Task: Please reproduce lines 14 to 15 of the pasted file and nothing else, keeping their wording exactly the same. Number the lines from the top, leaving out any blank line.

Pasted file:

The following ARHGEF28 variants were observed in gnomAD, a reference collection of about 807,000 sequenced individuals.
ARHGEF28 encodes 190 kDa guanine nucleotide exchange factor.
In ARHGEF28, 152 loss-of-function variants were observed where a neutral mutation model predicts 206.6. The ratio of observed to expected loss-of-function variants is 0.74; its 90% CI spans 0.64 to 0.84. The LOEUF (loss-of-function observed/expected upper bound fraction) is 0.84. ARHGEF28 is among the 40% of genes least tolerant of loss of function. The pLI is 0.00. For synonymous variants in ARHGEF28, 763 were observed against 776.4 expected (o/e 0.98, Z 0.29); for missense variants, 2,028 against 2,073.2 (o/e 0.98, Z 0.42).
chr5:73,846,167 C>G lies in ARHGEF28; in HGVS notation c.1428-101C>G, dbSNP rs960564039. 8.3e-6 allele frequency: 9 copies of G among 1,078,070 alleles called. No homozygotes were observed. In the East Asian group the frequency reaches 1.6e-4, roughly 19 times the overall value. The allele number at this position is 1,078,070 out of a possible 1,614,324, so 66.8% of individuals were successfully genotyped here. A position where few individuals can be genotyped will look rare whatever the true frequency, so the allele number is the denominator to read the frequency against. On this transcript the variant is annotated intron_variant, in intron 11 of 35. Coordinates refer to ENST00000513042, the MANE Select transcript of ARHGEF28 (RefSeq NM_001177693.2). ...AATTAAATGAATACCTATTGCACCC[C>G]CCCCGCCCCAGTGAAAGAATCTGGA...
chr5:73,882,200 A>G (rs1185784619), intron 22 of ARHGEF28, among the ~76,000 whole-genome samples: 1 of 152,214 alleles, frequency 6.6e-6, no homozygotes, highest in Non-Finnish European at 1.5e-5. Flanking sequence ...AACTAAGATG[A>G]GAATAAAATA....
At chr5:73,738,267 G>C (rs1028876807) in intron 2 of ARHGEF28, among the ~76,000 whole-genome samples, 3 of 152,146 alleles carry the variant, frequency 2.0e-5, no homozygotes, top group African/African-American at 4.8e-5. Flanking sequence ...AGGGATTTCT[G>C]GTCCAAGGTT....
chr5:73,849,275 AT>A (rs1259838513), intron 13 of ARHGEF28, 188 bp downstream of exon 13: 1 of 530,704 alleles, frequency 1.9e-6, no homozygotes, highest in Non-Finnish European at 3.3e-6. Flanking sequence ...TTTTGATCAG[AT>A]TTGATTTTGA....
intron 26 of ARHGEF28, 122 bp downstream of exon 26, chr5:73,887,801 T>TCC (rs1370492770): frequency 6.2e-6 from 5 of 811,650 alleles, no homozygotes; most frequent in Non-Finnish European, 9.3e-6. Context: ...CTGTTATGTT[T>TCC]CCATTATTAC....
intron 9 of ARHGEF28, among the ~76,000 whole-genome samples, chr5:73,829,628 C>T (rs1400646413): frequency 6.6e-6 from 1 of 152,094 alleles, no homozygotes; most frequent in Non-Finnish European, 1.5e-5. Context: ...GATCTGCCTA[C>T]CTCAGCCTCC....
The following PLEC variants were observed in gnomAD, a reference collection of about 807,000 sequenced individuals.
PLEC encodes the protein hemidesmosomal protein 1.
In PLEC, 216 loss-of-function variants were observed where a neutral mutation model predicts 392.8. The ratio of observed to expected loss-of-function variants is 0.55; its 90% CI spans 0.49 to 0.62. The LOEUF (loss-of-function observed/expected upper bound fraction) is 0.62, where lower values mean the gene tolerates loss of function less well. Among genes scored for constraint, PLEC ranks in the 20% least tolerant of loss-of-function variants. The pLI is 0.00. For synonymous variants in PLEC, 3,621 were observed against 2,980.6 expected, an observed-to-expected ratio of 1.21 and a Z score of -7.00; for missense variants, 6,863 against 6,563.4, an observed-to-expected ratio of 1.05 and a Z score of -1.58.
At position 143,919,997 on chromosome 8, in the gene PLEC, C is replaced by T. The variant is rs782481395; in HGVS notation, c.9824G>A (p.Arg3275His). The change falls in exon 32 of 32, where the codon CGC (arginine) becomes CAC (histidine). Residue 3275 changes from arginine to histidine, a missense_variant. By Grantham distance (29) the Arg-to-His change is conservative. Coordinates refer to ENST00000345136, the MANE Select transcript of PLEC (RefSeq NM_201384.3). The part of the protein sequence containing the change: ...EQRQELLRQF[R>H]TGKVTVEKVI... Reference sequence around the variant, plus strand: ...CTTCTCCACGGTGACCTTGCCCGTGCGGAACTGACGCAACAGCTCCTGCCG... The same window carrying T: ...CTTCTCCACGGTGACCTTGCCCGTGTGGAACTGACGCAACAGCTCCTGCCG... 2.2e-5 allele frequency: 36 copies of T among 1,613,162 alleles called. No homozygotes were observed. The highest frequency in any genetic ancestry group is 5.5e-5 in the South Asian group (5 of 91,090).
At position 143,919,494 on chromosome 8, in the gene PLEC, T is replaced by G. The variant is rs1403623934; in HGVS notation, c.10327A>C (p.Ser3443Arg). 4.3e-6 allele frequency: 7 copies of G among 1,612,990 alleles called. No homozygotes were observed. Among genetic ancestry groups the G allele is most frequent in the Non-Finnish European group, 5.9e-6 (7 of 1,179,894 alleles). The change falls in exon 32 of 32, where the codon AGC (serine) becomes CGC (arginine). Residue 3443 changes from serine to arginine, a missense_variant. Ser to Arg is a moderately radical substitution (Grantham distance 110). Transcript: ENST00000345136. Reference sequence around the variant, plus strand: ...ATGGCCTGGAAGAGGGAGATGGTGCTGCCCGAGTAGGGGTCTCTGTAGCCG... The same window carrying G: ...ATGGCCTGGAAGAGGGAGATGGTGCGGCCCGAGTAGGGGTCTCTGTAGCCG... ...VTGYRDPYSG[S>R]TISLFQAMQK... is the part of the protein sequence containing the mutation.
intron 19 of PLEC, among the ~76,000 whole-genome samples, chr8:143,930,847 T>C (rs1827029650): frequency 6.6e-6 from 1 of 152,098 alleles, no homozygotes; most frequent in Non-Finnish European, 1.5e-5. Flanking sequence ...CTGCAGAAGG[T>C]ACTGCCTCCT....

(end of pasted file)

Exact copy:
At position 143,919,494 on chromosome 8, in the gene PLEC, T is replaced by G. The variant is rs1403623934; in HGVS notation, c.10327A>C (p.Ser3443Arg). 4.3e-6 allele frequency: 7 copies of G among 1,612,990 alleles called. No homozygotes were observed. Among genetic ancestry groups the G allele is most frequent in the Non-Finnish European group, 5.9e-6 (7 of 1,179,894 alleles). The change falls in exon 32 of 32, where the codon AGC (serine) becomes CGC (arginine). Residue 3443 changes from serine to arginine, a missense_variant. Ser to Arg is a moderately radical substitution (Grantham distance 110). Transcript: ENST00000345136. Reference sequence around the variant, plus strand: ...ATGGCCTGGAAGAGGGAGATGGTGCTGCCCGAGTAGGGGTCTCTGTAGCCG... The same window carrying G: ...ATGGCCTGGAAGAGGGAGATGGTGCGGCCCGAGTAGGGGTCTCTGTAGCCG... ...VTGYRDPYSG[S>R]TISLFQAMQK... is the part of the protein sequence containing the mutation.
intron 19 of PLEC, among the ~76,000 whole-genome samples, chr8:143,930,847 T>C (rs1827029650): frequency 6.6e-6 from 1 of 152,098 alleles, no homozygotes; most frequent in Non-Finnish European, 1.5e-5. Flanking sequence ...CTGCAGAAGG[T>C]ACTGCCTCCT....